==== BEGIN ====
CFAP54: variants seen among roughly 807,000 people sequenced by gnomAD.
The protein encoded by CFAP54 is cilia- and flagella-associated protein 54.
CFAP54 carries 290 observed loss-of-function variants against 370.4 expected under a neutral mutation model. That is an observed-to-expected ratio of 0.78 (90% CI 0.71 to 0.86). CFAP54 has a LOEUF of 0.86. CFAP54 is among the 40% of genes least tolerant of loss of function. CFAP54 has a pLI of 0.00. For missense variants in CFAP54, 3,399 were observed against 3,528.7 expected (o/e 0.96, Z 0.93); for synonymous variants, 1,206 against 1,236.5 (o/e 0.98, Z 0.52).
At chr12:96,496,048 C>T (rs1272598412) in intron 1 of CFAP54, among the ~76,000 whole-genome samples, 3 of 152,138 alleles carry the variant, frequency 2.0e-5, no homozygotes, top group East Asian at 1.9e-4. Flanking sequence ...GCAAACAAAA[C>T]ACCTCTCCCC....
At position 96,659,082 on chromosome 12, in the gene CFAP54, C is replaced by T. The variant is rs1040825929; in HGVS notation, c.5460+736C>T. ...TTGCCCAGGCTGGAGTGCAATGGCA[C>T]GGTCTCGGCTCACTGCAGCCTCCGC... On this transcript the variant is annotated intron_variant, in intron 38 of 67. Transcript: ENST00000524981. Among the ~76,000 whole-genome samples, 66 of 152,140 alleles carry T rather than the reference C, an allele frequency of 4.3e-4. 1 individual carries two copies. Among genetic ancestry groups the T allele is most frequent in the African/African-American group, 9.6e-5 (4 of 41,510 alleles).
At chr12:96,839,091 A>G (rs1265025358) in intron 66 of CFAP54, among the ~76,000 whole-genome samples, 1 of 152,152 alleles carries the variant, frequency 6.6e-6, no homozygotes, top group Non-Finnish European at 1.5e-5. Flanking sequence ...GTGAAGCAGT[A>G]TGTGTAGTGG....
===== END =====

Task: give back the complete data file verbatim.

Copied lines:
CFAP54: variants seen among roughly 807,000 people sequenced by gnomAD.
The protein encoded by CFAP54 is cilia- and flagella-associated protein 54.
CFAP54 carries 290 observed loss-of-function variants against 370.4 expected under a neutral mutation model. That is an observed-to-expected ratio of 0.78 (90% CI 0.71 to 0.86). CFAP54 has a LOEUF of 0.86. CFAP54 is among the 40% of genes least tolerant of loss of function. CFAP54 has a pLI of 0.00. For missense variants in CFAP54, 3,399 were observed against 3,528.7 expected (o/e 0.96, Z 0.93); for synonymous variants, 1,206 against 1,236.5 (o/e 0.98, Z 0.52).
At chr12:96,496,048 C>T (rs1272598412) in intron 1 of CFAP54, among the ~76,000 whole-genome samples, 3 of 152,138 alleles carry the variant, frequency 2.0e-5, no homozygotes, top group East Asian at 1.9e-4. Flanking sequence ...GCAAACAAAA[C>T]ACCTCTCCCC....
At position 96,659,082 on chromosome 12, in the gene CFAP54, C is replaced by T. The variant is rs1040825929; in HGVS notation, c.5460+736C>T. ...TTGCCCAGGCTGGAGTGCAATGGCA[C>T]GGTCTCGGCTCACTGCAGCCTCCGC... On this transcript the variant is annotated intron_variant, in intron 38 of 67. Transcript: ENST00000524981. Among the ~76,000 whole-genome samples, 66 of 152,140 alleles carry T rather than the reference C, an allele frequency of 4.3e-4. 1 individual carries two copies. Among genetic ancestry groups the T allele is most frequent in the African/African-American group, 9.6e-5 (4 of 41,510 alleles).
At chr12:96,839,091 A>G (rs1265025358) in intron 66 of CFAP54, among the ~76,000 whole-genome samples, 1 of 152,152 alleles carries the variant, frequency 6.6e-6, no homozygotes, top group Non-Finnish European at 1.5e-5. Flanking sequence ...GTGAAGCAGT[A>G]TGTGTAGTGG....